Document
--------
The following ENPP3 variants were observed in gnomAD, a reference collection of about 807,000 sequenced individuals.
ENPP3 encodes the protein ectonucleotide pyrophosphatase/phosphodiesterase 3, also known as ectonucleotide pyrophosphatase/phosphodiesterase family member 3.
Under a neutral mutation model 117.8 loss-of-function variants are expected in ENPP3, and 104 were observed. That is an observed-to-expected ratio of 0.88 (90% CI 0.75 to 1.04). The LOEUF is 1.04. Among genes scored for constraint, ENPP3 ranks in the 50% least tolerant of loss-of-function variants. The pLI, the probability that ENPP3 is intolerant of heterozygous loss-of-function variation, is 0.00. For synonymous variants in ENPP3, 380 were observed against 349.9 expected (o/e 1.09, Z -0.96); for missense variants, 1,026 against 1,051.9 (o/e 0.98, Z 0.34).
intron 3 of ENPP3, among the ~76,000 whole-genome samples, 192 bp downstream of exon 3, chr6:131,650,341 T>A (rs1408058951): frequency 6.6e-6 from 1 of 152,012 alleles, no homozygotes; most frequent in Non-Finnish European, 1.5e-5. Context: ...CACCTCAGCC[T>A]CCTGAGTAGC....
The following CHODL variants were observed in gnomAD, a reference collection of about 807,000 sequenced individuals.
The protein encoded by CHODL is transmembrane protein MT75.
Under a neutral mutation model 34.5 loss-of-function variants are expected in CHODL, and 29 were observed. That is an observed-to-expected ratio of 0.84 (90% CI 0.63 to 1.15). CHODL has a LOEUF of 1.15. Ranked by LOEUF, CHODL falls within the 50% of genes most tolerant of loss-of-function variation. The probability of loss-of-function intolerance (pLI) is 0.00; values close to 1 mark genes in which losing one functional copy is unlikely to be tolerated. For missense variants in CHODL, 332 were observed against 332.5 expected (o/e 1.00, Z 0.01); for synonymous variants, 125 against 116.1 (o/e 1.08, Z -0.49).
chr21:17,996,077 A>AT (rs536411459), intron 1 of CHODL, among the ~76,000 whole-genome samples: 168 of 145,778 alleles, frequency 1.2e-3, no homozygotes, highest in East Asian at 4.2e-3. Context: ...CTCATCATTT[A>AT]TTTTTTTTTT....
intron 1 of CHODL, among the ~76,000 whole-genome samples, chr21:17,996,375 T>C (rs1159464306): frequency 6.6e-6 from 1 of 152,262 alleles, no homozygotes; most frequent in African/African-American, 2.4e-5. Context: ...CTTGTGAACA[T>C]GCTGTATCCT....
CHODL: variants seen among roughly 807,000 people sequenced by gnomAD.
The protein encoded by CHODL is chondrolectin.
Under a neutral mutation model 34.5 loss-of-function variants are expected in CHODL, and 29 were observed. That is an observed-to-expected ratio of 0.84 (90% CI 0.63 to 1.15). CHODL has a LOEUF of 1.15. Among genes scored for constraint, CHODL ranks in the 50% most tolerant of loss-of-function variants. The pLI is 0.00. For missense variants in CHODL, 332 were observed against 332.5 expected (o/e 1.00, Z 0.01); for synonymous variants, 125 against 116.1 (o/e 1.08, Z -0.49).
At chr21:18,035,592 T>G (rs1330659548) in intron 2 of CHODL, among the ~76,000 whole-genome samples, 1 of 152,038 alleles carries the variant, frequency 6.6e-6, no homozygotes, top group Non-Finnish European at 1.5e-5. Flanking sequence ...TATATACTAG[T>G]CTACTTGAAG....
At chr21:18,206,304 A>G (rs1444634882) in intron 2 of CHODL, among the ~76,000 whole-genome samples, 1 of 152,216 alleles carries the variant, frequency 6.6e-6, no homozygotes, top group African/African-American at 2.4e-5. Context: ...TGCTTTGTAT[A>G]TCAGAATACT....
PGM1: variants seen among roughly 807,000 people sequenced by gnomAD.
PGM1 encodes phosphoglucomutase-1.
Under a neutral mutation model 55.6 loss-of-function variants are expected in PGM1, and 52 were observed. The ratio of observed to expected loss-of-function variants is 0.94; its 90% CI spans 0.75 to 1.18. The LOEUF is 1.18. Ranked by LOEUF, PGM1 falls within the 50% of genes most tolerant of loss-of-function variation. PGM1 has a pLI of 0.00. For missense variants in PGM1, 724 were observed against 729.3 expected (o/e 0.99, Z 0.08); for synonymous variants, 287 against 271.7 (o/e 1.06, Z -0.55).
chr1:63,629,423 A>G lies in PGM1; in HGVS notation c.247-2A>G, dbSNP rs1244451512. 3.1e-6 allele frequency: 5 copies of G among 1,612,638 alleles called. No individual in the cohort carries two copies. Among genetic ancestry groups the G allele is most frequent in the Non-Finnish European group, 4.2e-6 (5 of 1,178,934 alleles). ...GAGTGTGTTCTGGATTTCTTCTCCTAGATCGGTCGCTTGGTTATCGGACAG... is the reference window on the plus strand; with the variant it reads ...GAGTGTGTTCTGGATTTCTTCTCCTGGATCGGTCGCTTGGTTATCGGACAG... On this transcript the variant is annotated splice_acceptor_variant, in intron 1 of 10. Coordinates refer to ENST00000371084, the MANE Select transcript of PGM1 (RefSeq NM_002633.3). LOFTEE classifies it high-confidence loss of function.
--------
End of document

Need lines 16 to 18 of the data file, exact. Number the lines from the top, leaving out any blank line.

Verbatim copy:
PGM1 encodes phosphoglucomutase-1.
Under a neutral mutation model 55.6 loss-of-function variants are expected in PGM1, and 52 were observed. The ratio of observed to expected loss-of-function variants is 0.94; its 90% CI spans 0.75 to 1.18. The LOEUF is 1.18. Ranked by LOEUF, PGM1 falls within the 50% of genes most tolerant of loss-of-function variation. PGM1 has a pLI of 0.00. For missense variants in PGM1, 724 were observed against 729.3 expected (o/e 0.99, Z 0.08); for synonymous variants, 287 against 271.7 (o/e 1.06, Z -0.55).
chr1:63,629,423 A>G lies in PGM1; in HGVS notation c.247-2A>G, dbSNP rs1244451512. 3.1e-6 allele frequency: 5 copies of G among 1,612,638 alleles called. No individual in the cohort carries two copies. Among genetic ancestry groups the G allele is most frequent in the Non-Finnish European group, 4.2e-6 (5 of 1,178,934 alleles). ...GAGTGTGTTCTGGATTTCTTCTCCTAGATCGGTCGCTTGGTTATCGGACAG... is the reference window on the plus strand; with the variant it reads ...GAGTGTGTTCTGGATTTCTTCTCCTGGATCGGTCGCTTGGTTATCGGACAG... On this transcript the variant is annotated splice_acceptor_variant, in intron 1 of 10. Coordinates refer to ENST00000371084, the MANE Select transcript of PGM1 (RefSeq NM_002633.3). LOFTEE classifies it high-confidence loss of function.